Thursday, February 28, 2008

Bench Man

Having spent the past three months commuting by train, I've started to recognize some of the same people travelling at the same time, every weekday. One of these is a guy I have dubbed, "Bench Man." He wears a suit and looks like a business type. My suspicion at his profession is reinforced by the fact that he heads towards London every weekday morning. That's not unusual, as there are lots of business types on the eastbound train, in the morning. Many of them fumble with Blackberrys.
What's so special about Bench Man? Every time I see him, he's standing in front of one of the benches provided for passengers to sit on,while they wait at the station. That's his unique selling point. He stands in front of a bench. He stands so close to the bench, that he blocks one of the spaces on it, yet I never see him sitting, just standing in front. So why does he do it? This inconsiderate goon wastes one of the limited bench spaces and hes not even using it himself. If he would just move a couple of feet away from the bench, someone else could have a seat. Are you a Bench Man, blocking other people from using something, while deriving no benefit for yourself? Am I the only person who is considerate of others? I enjoy a small thrill when I arrive before Bench Man and sit in the spot where he usually stands. Gosh, the benches are ugly and not very comfortable, either.

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Thursday, February 07, 2008


Late last year, I received an invitation to attend a screening of a new film, in London. The idea was to invite a load of bloggers to see the film, with the hope that we would then write about it. Given that the screening was free and there was a party afterwards, with free food and drinks, I was happy to attend. You know me, always happy to get freebies. The film I ended up seeing was "Juno." As it opens tomorrow, in the UK, it seems timely that I make good my end of the deal.
I wasn't expecting much. The title didn't give much away. Somewhere along the line, I learned that the film is about a teenager, Juno, who gets pregnant during her first sexual experience, then decides to give the baby away in adoption. It was supposed to be a comedy, but the description didn't exactly sound hilarious. Sometimes the best results come when one's expectations are lowered. The film is great! Ellen Page plays the 16-year-old, Juno and is quite convincing, as she looks very young. It's funny, which is a good thing for a comedy. The dialogue is filled with understated sarcasm, which is a form of humour I particularly enjoy.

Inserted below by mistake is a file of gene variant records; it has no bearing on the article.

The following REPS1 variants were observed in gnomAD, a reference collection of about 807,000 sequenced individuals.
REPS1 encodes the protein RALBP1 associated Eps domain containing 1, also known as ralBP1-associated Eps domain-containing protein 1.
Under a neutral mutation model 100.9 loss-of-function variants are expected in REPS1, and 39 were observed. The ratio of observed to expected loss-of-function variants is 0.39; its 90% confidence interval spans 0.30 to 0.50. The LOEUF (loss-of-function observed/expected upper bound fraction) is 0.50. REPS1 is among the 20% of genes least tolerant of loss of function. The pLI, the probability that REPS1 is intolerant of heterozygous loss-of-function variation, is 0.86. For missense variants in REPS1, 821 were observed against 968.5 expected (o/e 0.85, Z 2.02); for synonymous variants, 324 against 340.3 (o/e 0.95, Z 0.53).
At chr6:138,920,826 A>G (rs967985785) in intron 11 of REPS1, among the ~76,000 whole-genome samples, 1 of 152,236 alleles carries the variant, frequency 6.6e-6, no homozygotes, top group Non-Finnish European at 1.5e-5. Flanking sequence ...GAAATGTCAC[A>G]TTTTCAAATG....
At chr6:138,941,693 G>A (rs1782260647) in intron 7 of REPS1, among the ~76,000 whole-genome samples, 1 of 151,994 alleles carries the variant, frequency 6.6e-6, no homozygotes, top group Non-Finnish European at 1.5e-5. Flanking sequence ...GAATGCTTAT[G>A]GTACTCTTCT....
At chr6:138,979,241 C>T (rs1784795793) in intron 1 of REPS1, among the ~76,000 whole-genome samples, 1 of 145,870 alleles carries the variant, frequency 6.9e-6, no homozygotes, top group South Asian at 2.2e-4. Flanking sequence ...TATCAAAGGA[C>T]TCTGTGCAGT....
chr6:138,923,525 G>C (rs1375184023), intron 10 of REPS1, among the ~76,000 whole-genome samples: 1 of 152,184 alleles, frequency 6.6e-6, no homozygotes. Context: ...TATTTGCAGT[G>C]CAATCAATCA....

The screenplay, written by Diablo Cody, has a full helping of great dialogue. What's even more impressive is that it's Cody's first film. Cody is a novelist and after this sample of her work, I definitely plan to check out her novels. She also is a blogger and was discovered by a film producer, who stumbled on her blog. He became a regular reader, then contacted her one day, offering her screenwriting work. This is the kind of blogger Cinderella story that entices us to sit for long hours in front of our keyboards, creating written matter for the world, unpaid.
Although the story is about a teenager, it's not a film only for teenagers. Those of us who are post-teens can find a lot to relate to. Between Juno's parents (played by Allison Janney and J.K. Simmons) and the prospective adopting parents (Jennifer Garner and Jason Bateman), there are plenty of adult characters to empathize with. If you're like me, you will find the teenagers ones you can relate to, as well. No matter what your age, you can remember what it was like to be a teen...unless you have Alzheimer's. Juno says the kind of stuff a lot of us would like to say, if we could return to our teens, but still know what we know now.
Directed by Jason Reitman (son of Ivan Reitman), it's one of the best comedies I have seen in a while. My opinion is supported by the fact that the film has received four Oscar nominations and a BAFTA nomination, since I saw it. The only slight flaw in it is that Juno has so many killer lines, it's almost unbelievable that she's a teenager. Also, if she's so clever, why the heck didn't she use a contraceptive? In any case, it's a film, not real life. It's easy to suspend disbelief. If she had used birth control, there'd be no story.
If all of this isn't enough to make you want to rush out a buy a ticket, the film as a fantastic soundtrack. The film is a total package: good acting, great screenplay, good directing, good music, and it's funny. It opens in Britain, tomorrow. Go see it. If you're the type of person to go to a film on Valentine's Day, the timing of the release couldn't be better. I can't think of a better date movie, out now.

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